Her writing is a bit hypnotic, in that way. In how she brings you into a moment, even if that moment itself is a composite of other moments, showing you what it felt like, if not what actually occurred. Makes her essays a bit addictive, tbh, each one a hit of experience from another place and time.

The one downside? Because she’s writing so close to her own experience, her version of the Sixties is very…white. And middle class. To the point where, when she talks about the farming communities she grew up in, she doesn’t talk about the actual workers on those farms, who were organizing throughout the Sixties to advocate for better working conditions for the majority-immigrant workforce. Nor does she mention the Civil Rights movements, or the Black Panthers, or…I could go on and on. Suffice to say that her viewpoint is very well detailed, but is very much myopic.

Short Book Reviews: February 2021

With the new year, Biden settling into the White House, and the vaccines rolling out, my reading pace has picked up from its previous pandemic low.

So rather than work up longer individual reviews of the books I’ve gone through, I thought I’d do a quick breakdown of them, all at once, in reverse order (so, the most recent book I finished this month is listed first).

Here we go!

Not All Dead White Men, by Donna Zuckerberg

A frustrating read. Zuckerberg (yes, the Facebook founder is her brother) provides a detailed, anthropological study of how the denizens of the manosphere wield Classical authors to promote their racist, misogynist views. What she doesn’t cover is any way to counter these arguments. If anything, she comes down on their side, agreeing that yes, the Classical tradition contains lots of misogyny (Though no racism, since race as a concept wasn’t invented till the modern period. Which makes it weird that she would fall into the right-wing trap of assigning Whiteness to the Mediterranean authors of the Classical tradition? But I digress).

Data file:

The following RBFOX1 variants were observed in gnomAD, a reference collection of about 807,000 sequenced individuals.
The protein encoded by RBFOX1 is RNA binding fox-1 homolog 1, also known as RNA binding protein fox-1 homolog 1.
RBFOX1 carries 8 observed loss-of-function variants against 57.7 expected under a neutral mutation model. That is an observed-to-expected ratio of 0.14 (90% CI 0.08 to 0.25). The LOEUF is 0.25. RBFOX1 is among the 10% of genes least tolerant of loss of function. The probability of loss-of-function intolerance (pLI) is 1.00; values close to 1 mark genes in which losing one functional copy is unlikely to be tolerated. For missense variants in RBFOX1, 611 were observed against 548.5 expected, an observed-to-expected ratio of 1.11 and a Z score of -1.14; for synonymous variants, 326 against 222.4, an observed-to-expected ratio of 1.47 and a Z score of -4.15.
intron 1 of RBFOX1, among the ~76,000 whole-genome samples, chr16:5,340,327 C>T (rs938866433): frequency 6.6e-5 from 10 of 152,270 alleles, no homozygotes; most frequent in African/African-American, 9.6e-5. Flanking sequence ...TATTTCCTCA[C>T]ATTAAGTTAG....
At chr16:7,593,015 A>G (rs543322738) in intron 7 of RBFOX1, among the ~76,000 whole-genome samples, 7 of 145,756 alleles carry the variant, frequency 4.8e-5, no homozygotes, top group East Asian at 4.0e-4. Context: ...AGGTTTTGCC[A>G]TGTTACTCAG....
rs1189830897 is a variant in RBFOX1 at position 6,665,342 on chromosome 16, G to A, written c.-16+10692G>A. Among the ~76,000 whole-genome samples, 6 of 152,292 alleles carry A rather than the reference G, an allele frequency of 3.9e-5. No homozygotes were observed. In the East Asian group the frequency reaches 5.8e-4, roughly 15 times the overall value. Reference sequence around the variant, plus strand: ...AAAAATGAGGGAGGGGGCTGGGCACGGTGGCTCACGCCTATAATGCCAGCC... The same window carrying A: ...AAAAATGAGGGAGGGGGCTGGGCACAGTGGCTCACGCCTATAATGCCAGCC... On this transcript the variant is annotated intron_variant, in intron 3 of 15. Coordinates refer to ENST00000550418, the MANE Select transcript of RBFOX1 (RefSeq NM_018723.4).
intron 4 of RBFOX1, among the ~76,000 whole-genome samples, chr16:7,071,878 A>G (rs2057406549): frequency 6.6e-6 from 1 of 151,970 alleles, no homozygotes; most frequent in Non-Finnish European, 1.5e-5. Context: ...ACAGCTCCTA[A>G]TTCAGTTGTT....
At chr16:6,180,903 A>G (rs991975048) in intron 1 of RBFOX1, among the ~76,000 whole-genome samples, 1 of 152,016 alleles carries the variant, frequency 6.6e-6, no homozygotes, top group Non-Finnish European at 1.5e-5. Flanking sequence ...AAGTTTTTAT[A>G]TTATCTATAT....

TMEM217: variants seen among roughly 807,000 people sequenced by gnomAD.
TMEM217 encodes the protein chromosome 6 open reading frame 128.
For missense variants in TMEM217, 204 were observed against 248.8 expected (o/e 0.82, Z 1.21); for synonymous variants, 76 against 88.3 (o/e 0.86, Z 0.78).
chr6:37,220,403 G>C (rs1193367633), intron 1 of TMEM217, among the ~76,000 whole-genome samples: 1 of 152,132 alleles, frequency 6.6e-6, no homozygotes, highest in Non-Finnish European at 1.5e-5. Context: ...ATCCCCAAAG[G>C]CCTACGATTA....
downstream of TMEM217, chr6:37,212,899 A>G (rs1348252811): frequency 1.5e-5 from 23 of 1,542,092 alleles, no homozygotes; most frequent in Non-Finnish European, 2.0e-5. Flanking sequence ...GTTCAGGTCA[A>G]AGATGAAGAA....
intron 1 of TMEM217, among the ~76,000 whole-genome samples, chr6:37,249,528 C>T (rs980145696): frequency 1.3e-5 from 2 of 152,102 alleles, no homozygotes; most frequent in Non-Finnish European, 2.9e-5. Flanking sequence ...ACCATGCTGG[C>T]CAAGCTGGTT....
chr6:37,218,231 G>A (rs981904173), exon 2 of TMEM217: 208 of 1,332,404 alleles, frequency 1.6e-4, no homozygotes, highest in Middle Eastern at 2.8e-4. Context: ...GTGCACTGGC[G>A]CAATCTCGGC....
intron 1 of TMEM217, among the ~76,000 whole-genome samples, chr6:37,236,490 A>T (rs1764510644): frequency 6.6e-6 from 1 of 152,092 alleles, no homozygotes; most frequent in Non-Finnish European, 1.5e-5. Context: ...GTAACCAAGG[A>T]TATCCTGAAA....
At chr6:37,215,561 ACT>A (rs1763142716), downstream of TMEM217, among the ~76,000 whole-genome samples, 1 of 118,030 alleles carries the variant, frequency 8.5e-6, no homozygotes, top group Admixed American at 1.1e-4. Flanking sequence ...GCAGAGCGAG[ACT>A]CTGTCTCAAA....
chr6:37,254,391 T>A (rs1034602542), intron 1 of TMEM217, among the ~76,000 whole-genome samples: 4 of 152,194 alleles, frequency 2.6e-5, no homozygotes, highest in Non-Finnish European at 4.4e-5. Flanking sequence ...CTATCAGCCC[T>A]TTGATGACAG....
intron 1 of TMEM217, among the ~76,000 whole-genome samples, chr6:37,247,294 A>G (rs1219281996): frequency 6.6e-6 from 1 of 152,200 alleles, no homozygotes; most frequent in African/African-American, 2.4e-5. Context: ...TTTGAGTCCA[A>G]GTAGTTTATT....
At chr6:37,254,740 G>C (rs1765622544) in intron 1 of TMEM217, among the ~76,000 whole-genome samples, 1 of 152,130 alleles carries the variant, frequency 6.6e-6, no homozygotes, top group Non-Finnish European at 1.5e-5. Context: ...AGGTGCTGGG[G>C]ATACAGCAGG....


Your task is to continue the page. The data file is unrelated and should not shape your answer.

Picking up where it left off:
The Fifth Risk: Undoing Democracy, by Michael Lewis

A set of separately-published essays stitched together in book form. It works, because each essays illuminates a different side of the central question: What happened when an administration scornful of expertise took control of the nation’s experts?

This was published in 2018, and already Lewis could see — via his interviews and investigation — that disaster was coming. We’ve got a lot to rebuild.

The Mongol Art of War, by Timothy May

Discovered this via military historian Bret Devereux’s excellent series of blog posts about the historical accuracy of the Dothraki in A Song of Ice and Fire (narrator: there is none).

It’s a fairly quick read, giving a detailed look — well, as detailed as we can get, given the reliability of our historical sources — at how the Mongol army was able to conquer so much of Asia and Europe in such a short period of time. Goes through command structure, tactics, even some detailed logistics. For example, did you know Mongols preferred riding mares on campaign, because they could drink the milk provided (and thus not need to bring as much food along)? Or that the Mongols built a navy from scratch (with Korean assistance) just so they could conquer southern China? Fascinating stuff.

Lost Art of Finding Our Way, by John Edward Huth

This is one I’m going to be reading and re-reading. It’s basically a manual of all the different navigation techniques used by humans before the invention of GPS. How did the Pacific Islanders sail thousands of miles across open ocean to settle so many islands? Why did the Atlantic triangle trade develop the way it did (hint: it was the prevailing winds)? What sequence of clouds denotes an oncoming storm?